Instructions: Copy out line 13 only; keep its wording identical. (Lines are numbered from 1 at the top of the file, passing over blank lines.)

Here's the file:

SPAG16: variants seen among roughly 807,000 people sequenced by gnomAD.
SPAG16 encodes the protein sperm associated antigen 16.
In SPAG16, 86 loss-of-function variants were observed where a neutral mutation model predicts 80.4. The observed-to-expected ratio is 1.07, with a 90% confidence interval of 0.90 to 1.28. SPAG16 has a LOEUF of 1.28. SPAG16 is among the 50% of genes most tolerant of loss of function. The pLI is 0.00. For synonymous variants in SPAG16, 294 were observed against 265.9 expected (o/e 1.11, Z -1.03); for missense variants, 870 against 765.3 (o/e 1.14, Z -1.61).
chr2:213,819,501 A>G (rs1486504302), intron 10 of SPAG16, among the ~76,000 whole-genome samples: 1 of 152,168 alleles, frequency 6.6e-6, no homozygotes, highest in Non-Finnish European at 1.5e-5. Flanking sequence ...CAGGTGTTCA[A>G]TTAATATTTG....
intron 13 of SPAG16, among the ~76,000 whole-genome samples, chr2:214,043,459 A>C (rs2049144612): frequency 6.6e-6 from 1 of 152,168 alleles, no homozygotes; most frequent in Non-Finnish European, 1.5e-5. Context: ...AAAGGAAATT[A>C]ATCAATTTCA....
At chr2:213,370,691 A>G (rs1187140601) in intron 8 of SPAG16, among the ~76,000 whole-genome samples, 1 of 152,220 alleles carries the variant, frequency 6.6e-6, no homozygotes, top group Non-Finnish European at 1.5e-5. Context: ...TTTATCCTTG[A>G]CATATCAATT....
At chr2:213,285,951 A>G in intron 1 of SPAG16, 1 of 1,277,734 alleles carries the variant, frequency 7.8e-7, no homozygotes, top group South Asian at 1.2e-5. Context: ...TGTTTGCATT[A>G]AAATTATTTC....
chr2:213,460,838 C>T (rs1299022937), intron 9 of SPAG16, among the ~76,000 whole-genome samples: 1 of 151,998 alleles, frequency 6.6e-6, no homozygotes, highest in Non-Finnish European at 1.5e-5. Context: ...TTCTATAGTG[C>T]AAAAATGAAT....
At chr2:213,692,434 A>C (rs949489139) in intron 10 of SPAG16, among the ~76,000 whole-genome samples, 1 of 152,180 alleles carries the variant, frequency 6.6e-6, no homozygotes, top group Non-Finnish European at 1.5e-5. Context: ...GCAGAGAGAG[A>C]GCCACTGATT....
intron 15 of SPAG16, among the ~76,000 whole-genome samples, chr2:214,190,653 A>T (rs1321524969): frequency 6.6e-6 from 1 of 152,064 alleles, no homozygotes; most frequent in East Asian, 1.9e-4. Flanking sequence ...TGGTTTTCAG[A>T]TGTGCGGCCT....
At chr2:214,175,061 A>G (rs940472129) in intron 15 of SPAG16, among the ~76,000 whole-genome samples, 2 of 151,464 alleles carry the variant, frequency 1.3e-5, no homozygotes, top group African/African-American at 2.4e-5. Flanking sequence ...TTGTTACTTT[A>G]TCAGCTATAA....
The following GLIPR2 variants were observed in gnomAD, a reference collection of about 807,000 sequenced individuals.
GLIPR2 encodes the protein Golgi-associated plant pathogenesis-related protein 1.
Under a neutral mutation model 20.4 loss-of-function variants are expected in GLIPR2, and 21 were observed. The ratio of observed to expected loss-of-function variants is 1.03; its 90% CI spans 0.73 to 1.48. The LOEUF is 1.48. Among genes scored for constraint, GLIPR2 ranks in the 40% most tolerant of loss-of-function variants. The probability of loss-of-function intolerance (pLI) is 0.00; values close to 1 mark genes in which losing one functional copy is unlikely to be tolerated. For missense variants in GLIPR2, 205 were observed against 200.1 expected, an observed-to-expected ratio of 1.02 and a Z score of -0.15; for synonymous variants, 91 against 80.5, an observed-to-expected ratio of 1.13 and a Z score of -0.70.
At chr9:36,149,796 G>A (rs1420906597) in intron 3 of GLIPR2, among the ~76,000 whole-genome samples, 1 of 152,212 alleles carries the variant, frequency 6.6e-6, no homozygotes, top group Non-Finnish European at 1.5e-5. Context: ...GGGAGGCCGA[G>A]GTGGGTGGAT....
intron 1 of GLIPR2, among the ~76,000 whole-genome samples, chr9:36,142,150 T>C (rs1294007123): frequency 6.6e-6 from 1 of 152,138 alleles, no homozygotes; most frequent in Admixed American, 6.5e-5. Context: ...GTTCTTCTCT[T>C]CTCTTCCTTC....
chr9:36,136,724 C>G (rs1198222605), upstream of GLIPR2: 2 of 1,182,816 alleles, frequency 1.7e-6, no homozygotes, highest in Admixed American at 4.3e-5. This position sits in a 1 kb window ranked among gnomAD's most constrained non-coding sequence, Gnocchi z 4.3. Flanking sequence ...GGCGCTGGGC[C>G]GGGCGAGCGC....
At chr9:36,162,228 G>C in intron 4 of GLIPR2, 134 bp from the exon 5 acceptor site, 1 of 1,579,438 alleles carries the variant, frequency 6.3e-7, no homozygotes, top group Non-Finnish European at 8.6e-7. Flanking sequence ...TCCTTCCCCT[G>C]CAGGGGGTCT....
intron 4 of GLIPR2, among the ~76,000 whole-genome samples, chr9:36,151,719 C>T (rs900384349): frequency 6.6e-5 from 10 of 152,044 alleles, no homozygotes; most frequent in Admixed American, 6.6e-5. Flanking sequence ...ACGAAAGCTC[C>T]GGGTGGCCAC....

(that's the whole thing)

GLIPR2 encodes the protein Golgi-associated plant pathogenesis-related protein 1.